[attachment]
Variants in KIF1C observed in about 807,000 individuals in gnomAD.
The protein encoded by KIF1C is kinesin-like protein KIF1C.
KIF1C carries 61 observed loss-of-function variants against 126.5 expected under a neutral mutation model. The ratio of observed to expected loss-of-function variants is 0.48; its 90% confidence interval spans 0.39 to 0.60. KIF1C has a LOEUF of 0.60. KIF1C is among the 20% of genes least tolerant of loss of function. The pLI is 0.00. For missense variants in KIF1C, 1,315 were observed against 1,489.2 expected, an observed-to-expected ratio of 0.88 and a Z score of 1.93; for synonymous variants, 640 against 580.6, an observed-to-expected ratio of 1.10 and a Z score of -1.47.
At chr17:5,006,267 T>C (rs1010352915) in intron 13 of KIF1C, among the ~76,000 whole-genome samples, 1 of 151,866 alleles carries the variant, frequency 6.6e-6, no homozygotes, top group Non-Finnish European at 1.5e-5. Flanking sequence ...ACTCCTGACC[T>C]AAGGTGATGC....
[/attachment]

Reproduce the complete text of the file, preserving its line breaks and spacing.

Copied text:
Variants in KIF1C observed in about 807,000 individuals in gnomAD.
The protein encoded by KIF1C is kinesin-like protein KIF1C.
KIF1C carries 61 observed loss-of-function variants against 126.5 expected under a neutral mutation model. The ratio of observed to expected loss-of-function variants is 0.48; its 90% confidence interval spans 0.39 to 0.60. KIF1C has a LOEUF of 0.60. KIF1C is among the 20% of genes least tolerant of loss of function. The pLI is 0.00. For missense variants in KIF1C, 1,315 were observed against 1,489.2 expected, an observed-to-expected ratio of 0.88 and a Z score of 1.93; for synonymous variants, 640 against 580.6, an observed-to-expected ratio of 1.10 and a Z score of -1.47.
At chr17:5,006,267 T>C (rs1010352915) in intron 13 of KIF1C, among the ~76,000 whole-genome samples, 1 of 151,866 alleles carries the variant, frequency 6.6e-6, no homozygotes, top group Non-Finnish European at 1.5e-5. Flanking sequence ...ACTCCTGACC[T>C]AAGGTGATGC....